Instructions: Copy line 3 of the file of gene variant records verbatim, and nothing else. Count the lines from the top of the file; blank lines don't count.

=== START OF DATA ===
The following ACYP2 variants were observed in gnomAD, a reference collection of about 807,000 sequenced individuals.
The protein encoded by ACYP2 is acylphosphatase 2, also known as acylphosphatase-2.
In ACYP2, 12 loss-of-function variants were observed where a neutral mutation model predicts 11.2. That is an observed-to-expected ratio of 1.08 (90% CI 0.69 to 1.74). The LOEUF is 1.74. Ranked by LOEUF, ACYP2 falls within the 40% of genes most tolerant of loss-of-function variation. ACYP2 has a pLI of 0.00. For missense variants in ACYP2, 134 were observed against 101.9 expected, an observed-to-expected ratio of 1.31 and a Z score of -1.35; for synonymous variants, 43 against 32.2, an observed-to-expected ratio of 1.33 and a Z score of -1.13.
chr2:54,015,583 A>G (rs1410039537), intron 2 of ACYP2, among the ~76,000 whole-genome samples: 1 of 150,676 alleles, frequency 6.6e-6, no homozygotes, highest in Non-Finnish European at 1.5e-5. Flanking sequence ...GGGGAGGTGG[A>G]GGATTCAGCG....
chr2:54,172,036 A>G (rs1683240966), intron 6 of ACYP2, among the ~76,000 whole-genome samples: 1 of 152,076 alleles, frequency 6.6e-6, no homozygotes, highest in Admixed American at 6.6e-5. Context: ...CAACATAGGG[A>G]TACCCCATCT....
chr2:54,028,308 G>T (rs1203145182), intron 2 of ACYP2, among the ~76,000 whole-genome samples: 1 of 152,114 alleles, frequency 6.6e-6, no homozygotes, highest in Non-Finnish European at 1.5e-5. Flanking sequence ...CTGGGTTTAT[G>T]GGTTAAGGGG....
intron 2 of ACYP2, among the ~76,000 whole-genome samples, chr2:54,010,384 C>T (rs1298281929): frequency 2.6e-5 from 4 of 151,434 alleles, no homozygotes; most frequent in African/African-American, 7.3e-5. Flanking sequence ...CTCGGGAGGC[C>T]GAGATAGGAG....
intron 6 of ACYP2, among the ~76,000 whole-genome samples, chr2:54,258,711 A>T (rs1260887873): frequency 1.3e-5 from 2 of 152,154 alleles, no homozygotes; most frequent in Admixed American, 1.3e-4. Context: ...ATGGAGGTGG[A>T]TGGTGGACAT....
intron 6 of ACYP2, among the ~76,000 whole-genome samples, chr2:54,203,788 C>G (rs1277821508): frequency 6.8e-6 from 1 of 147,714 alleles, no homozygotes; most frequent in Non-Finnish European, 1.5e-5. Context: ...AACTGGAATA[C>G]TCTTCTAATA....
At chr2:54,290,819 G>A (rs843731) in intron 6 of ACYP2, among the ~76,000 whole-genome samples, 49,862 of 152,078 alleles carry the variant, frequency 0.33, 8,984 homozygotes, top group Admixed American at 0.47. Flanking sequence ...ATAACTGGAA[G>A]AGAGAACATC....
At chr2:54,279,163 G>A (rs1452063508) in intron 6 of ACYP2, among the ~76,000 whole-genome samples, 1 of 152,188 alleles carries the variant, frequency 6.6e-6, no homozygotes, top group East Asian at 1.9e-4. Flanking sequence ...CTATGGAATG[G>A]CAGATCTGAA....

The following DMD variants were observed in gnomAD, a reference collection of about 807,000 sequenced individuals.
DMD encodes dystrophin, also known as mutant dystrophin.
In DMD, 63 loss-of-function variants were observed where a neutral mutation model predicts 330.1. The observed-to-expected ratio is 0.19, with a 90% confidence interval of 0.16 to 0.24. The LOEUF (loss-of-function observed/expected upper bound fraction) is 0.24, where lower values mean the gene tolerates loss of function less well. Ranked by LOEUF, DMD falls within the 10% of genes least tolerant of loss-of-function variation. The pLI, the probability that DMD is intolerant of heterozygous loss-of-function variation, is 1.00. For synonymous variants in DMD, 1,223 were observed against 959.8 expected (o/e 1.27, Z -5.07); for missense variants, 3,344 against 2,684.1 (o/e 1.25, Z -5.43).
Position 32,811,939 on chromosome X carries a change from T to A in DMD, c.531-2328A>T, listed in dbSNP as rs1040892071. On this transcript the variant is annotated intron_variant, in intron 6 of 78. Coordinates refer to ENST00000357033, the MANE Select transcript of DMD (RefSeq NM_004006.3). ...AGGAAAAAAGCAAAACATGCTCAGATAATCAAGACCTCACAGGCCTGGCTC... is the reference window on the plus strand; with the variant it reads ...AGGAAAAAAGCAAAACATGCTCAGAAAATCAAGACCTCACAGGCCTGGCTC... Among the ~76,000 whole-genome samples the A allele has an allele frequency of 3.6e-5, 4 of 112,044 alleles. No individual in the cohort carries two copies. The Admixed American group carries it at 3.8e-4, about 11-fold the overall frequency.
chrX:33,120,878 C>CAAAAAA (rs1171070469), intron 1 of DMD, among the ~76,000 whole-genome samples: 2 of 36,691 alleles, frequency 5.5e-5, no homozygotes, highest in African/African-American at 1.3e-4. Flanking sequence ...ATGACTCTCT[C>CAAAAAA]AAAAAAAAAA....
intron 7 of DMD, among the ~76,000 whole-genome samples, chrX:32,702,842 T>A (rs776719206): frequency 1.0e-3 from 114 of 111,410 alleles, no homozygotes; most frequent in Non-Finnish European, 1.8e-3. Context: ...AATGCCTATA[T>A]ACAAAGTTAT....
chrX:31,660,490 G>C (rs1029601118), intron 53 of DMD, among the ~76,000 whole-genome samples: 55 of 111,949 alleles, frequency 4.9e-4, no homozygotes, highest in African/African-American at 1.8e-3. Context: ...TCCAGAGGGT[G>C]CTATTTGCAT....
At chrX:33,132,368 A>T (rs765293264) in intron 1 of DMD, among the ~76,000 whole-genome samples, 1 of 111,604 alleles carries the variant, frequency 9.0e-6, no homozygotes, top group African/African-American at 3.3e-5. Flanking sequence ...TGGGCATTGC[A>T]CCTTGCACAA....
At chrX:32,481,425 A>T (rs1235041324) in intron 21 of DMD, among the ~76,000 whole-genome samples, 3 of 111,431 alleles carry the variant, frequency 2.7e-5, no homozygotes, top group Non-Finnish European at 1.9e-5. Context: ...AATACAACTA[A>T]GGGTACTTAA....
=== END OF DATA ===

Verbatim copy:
In ACYP2, 12 loss-of-function variants were observed where a neutral mutation model predicts 11.2. That is an observed-to-expected ratio of 1.08 (90% CI 0.69 to 1.74). The LOEUF is 1.74. Ranked by LOEUF, ACYP2 falls within the 40% of genes most tolerant of loss-of-function variation. ACYP2 has a pLI of 0.00. For missense variants in ACYP2, 134 were observed against 101.9 expected, an observed-to-expected ratio of 1.31 and a Z score of -1.35; for synonymous variants, 43 against 32.2, an observed-to-expected ratio of 1.33 and a Z score of -1.13.